Britain wins ECB battle, but has it won the war?

Britain wins ECB battle, but has it won the war?

The European Court of Justice (ECJ) granted the UK an important victory against the European Central Bank (ECB) on March 4, with a ruling that prevents the central bank from limiting the clearing of euros outside the Eurozone.

The move would have fragmented the single market and increase the probability of Britain leaving the EU. However, the court document leaves open the possibility of future conflicts with the ECB. Why is this so, and are future conflicts likely?

On July 5, 2011 the ECB published its Eurosystem Oversight Policy Framework (EOPF). The document argued that clearing houses based in the UK or other non-Eurozone countries would have to move inside the Eurozone to continue to do business in euros.

The ECB also stressed that clearing houses that settle euro-denominated payment transactions should settle them in Central Bank money and be legally incorporated in the euro area where the ECB would exercise full supervision. The UK challenged the policy in 2011, calling for the ECB’s policies to be annulled.

The ECJ supported the UK’s request for the EOPF to be annulled. According to the press release that followed the court’s decision on March 4:

“The General Court holds that the ECB lacks the competence necessary to regulate the activity of securities clearing systems as its competence is limited to payment systems alone by Article 127(2) of the FEU Treaty.”

“The General Court annuls the European Oversight Policy Framework published by the ECB in so far as it sets a requirement for CCP’s involved in the clearing of securities to be located within the Eurozone.’’

The Court added that if the ECB felt that its role in managing payment systems required the oversight of securities clearing, it would need to request a change to its statute so that the relevant article includes explicit reference to this point.

The ruling is crucial for the UK and other Eurozone countries because it prevents a damaging split in the single market and in particular in financial services.

If the Court had sided with the ECB, there would have been a split in the single market for clearing certain currencies and securities based on where firms were located in the EU. Furthermore, it sets limits on Eurozone action, something that will be crucial in the future for a wide range of issues but notably banking union and financial regulation.

However, when the ruling is put into perspective, it raises questions about the political nature of the General Court and whether it is actually a victory for the UK.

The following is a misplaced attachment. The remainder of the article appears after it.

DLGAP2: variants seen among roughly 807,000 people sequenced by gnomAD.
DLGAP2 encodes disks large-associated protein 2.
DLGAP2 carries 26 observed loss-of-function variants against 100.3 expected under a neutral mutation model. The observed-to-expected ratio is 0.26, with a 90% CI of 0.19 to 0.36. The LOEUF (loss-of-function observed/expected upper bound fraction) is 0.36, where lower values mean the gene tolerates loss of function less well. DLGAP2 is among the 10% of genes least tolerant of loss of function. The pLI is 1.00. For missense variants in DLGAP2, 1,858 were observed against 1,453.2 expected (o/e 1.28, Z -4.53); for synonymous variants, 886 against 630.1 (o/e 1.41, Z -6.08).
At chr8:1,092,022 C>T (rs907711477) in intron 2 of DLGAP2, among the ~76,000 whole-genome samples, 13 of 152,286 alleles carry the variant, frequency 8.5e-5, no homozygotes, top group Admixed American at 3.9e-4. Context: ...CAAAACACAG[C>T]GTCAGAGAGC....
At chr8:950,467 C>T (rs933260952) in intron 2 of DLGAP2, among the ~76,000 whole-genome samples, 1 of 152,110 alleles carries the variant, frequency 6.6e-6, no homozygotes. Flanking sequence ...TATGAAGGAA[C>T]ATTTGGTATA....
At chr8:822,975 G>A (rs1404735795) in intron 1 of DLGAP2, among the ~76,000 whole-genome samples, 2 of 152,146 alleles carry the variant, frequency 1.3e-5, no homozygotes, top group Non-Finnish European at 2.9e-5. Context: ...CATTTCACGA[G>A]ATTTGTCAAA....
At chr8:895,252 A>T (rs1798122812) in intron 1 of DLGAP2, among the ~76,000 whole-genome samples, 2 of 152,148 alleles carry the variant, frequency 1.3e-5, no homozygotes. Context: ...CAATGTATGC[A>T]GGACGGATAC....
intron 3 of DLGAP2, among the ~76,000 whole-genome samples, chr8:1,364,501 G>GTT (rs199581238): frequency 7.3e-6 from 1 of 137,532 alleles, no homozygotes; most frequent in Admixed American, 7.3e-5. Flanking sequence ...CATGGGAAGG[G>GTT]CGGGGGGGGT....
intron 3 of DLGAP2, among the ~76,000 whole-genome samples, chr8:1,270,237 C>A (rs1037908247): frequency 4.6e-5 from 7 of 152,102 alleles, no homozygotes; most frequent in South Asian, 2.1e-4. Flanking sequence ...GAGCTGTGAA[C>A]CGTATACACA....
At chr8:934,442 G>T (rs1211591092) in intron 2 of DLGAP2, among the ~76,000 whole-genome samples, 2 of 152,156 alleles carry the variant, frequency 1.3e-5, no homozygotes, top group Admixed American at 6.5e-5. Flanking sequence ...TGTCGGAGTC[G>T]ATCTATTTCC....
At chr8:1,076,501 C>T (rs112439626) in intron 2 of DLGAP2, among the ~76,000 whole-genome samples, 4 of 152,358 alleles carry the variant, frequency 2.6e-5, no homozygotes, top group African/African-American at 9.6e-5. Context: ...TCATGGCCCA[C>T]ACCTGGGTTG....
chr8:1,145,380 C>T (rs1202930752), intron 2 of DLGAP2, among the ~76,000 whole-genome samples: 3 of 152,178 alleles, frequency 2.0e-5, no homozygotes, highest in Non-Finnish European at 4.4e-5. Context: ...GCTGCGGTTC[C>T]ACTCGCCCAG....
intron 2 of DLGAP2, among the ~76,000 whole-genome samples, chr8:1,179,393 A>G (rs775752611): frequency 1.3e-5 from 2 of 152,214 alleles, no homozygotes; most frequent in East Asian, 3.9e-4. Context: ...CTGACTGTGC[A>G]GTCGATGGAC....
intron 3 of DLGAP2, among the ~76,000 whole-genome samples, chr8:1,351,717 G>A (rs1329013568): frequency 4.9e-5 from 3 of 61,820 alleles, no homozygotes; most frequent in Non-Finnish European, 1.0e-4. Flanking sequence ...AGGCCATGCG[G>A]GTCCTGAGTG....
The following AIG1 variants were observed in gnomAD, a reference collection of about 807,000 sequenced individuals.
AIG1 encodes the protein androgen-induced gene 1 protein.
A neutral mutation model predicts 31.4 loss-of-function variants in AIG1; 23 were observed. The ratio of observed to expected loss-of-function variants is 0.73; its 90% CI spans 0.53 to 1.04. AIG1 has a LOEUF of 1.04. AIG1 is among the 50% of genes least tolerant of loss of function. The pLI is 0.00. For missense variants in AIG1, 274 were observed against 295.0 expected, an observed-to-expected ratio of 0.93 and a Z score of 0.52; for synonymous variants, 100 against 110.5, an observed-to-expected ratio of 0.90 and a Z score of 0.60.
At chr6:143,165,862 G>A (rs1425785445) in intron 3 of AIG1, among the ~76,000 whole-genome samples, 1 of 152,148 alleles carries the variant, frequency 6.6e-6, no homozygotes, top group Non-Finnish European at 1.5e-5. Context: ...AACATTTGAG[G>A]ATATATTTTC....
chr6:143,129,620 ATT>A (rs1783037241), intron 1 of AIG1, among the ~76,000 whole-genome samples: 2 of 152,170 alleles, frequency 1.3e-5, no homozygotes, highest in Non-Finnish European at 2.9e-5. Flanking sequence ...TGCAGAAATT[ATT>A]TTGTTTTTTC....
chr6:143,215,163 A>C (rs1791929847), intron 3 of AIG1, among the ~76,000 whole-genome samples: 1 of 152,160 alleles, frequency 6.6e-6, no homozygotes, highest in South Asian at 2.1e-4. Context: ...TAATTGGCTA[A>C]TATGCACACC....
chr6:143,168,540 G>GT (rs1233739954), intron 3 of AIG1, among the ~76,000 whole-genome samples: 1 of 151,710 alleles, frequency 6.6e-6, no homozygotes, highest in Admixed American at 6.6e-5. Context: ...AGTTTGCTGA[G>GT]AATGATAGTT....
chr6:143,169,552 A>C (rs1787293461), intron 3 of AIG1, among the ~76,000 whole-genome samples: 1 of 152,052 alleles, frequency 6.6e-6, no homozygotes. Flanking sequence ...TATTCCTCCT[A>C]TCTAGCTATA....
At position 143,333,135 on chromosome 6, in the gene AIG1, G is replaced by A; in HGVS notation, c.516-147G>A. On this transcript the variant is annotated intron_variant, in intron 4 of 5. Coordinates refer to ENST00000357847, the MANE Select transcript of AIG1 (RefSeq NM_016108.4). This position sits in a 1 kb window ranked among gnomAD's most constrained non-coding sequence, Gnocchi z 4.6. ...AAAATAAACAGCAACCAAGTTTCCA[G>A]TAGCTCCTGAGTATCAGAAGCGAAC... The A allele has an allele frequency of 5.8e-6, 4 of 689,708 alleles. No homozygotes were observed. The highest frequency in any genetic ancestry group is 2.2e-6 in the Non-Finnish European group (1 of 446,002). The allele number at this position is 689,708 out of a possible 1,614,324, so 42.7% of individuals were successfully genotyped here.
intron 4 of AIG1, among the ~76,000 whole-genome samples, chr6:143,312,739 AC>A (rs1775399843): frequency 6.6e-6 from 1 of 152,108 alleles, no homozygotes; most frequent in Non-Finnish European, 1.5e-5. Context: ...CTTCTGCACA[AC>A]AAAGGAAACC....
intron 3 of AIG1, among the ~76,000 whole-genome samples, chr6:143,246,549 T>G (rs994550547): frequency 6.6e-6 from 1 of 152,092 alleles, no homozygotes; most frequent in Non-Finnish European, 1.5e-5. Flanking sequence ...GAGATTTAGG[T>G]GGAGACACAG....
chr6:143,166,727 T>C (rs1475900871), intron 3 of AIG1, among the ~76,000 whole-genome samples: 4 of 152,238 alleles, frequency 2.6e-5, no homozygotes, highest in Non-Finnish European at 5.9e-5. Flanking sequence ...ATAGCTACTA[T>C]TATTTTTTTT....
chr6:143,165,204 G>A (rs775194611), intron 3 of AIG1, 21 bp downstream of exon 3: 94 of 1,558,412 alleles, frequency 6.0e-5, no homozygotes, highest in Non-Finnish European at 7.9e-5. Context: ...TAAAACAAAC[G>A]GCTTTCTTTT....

The first thing to bear in mind is that Germany is well known for being an advocate of British membership in the EU. Although political and media criticism eventually forced her to renege on her stance, Angela Merkel at first did not support Jean-Claude Junker’s nomination in May 2014 after Britain expressed strong reservations about his candidacy.

On economic policy, the loss of British influence would be strongly felt by Northern liberal allies who wish to shape Europe in a more pro-market and pro-trade direction. Germany will offer every face-saving technique available to rescue David Cameron from his Eurosceptic back-benchers.

However, it is hard to believe that Berlin will not use Cameron’s weak position to skillfully shape financial regulation in a way that suits German interests. To put the same point differently, Germany will use both ‘’carrots and sticks’’ to keep Britain in the Euro and achieve its own goals.

What next?

To emphasize the last point, consider the latter of the press conference citations.

The ruling qualifies the EOPF’s annulment in terms of the location policy’s (i.e location of clearing houses in the Eurozone) illegality. This leaves open a different interpretation that still remains to be seen.

One could argue that whatever this oversight of clearing houses might entail in the future, the ECB would need to request a change in its statute which would be decided under Qualified Majority Vote, as stipulated in the ruling. It is not clear that there would be any support for this other than by France and Spain.

Furthermore, the ECB does not tend to take its own initiative on issues that Germany deems politically sensitive. Yet this is the important point: the Court leaves open the qualification of ‘’oversight’’ and therefore potential problems for the UK’s financial sector in the future, should the Germans consider some sort of oversight desirable.

Consequently, it fits with the German ‘’carrot and stick’’ strategy, especially when considered under the light of previous defeats such as the one over the Financial Transactions Tax (FTT). Germany has been and still is a strong supporter of the latter.

Hence, the ruling seems to show that it is the EU and especially Germany who has the potential to skillfully shape financial regulation. In fact, the ruling might be more of a victory for the EU than for the UK.

However, the Germans are involved in a difficult balancing act given Angela Merkel’s goal of keeping the UK in Europe. One can only conclude then that this is only the first round. What the second round will look like remains to be seen.

Categories: Europe, Finance

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